Monday, January 17, 2011

A few items...

  • The European Commission has come out strong against Google and in renewed support of its own Europeana, which doesn't carry some of the draconian regulations that Google does for preferential use.  I blogged about Europeana a bit when it came out two years ago, and the material available today is much more extensive than it was then.    You can always find a link to Europeana (along with some other digital libraries) at the bottom of the right sidebar. One of the main strengths that I see in Europeana is that it aggregates the cultural items from various sources around Europe (museums, libraries, archives, etc.). I think the worry with dispersed resources rather than one source like Google is that the knowledge store becomes pretty balkanized and difficult to manage. Europeana, however, links you to the original sites where all of these items were digitized, allowing member institutions to do their own work in their own house, but also bringing it under one digital roof for access. This strikes me as a much more sensible structure than Google's rather monopolistic philosophy.
  • This is a little old now, but worth reading if you haven't-- the director of the Harvard University Library writes about three threats to research libraries... two related to journal prices, and the third to Google.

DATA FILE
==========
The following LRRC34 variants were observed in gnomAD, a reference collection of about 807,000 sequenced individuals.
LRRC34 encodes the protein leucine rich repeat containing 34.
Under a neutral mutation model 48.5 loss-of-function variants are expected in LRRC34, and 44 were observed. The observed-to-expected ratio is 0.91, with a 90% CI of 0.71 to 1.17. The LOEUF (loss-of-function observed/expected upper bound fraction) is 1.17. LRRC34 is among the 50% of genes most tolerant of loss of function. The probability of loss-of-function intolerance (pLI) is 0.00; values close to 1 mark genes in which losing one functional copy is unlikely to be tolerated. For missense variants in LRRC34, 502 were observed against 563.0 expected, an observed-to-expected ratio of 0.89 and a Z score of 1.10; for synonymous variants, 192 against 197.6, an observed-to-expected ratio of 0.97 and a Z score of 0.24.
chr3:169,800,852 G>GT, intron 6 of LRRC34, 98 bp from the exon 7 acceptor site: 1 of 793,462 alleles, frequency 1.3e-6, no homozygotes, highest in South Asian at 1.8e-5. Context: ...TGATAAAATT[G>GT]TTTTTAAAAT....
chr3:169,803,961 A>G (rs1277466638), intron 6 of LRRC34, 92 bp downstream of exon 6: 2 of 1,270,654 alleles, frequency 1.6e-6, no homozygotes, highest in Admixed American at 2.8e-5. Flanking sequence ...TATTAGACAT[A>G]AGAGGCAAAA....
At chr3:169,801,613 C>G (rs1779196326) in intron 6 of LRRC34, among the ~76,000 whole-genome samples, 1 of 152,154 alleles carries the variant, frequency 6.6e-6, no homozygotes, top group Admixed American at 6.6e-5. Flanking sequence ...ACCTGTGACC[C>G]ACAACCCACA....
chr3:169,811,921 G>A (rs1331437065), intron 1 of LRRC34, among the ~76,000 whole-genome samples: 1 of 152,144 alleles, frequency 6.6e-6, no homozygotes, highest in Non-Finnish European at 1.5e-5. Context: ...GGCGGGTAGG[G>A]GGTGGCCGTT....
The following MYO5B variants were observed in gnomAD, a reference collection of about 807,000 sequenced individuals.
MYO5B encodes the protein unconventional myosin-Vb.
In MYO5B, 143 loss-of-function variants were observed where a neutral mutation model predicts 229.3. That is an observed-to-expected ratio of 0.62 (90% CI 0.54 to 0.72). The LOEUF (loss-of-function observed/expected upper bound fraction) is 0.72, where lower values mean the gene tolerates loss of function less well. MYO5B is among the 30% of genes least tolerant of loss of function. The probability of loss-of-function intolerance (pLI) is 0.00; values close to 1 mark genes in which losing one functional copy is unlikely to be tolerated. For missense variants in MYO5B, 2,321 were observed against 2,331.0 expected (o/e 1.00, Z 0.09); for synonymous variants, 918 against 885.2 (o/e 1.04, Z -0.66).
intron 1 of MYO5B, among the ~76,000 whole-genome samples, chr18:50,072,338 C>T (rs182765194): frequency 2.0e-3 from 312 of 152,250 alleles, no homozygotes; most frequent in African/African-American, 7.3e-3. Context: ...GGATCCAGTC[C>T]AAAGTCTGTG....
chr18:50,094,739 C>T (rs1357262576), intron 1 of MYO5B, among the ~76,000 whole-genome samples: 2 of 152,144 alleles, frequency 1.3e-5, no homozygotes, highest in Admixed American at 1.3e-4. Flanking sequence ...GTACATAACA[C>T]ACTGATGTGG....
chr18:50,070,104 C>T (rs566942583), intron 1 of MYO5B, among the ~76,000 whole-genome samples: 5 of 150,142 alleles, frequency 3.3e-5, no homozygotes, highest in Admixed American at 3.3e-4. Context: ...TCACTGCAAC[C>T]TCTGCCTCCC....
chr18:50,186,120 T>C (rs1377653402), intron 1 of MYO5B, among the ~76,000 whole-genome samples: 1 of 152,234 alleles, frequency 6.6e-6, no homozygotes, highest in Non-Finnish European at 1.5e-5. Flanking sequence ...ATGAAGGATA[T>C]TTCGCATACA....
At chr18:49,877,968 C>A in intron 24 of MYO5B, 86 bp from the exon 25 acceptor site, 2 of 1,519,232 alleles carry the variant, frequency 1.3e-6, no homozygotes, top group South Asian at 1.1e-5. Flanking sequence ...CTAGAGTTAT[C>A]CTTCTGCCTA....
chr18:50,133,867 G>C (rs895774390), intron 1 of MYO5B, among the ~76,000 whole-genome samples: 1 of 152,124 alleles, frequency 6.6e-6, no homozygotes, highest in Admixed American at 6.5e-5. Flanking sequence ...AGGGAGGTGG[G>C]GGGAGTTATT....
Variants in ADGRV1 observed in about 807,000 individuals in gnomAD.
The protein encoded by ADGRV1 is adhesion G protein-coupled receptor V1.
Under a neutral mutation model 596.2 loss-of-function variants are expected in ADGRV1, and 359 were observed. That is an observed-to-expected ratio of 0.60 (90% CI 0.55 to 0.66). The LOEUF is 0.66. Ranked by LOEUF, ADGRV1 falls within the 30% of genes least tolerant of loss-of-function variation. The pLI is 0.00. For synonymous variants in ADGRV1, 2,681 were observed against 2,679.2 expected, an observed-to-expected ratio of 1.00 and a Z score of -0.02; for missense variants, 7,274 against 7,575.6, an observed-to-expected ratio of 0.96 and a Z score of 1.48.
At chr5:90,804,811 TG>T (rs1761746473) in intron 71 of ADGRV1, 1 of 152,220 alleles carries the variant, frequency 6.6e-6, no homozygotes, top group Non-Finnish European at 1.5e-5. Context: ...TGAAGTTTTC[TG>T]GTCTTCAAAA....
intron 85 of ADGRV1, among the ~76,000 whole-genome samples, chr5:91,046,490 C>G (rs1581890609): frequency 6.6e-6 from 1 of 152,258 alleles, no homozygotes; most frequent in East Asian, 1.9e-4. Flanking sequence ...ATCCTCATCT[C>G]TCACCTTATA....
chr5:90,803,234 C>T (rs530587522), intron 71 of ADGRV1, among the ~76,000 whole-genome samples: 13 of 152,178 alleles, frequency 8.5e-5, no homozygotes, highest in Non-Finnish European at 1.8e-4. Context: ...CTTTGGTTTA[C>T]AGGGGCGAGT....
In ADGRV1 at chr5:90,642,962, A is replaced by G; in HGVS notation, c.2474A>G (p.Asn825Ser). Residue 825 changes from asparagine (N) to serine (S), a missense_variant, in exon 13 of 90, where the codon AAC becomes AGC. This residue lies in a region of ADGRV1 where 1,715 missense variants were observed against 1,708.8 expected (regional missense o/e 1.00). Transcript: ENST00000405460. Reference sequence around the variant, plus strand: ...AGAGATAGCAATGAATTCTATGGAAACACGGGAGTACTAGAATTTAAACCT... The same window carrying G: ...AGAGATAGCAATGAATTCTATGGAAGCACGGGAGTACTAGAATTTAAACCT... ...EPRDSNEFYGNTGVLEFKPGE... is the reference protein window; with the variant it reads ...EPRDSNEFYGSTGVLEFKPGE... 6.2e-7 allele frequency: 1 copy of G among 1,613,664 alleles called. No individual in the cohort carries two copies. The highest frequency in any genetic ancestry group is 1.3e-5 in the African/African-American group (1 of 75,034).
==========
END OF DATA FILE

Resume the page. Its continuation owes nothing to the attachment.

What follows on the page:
• Jason Goroncy mentions a brilliant plan to guard libraries against austerity measures. 

    2 comments:

    1. "...yet those publishers add very little value "...to the research process, and most of the research is ultimately funded by American taxpayers through the National Institutes of Health and other organizations."

      This is a very odd statement. Do car dealers or grocery stores or freight haulers add much value to the car making, food producing or toilet paper making processes?

      The journals appear to be classic middle men; and middle men are rather important to the working of a market economy.

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    2. I don't think the problem is with publishers acting as middlemen for the research process, Xenophon. The problem is with journal prices rising sharply while library budgets are severely cut. Darnton's point is also that, given better options for libraries to publish and store research, publishers like Elsevier don't offer much of value to the research process.

      This is really the flip side of my continuous critiques of Amazon (which you've also defended as a middleman in the past). Here publishers are making texts unaffordable for libraries, while Amazon makes the publication of texts unaffordable for various publishers. In either case, the problem isn't with the presence of a middleman itself, but rather with the lopsided relationship created by the middleman.

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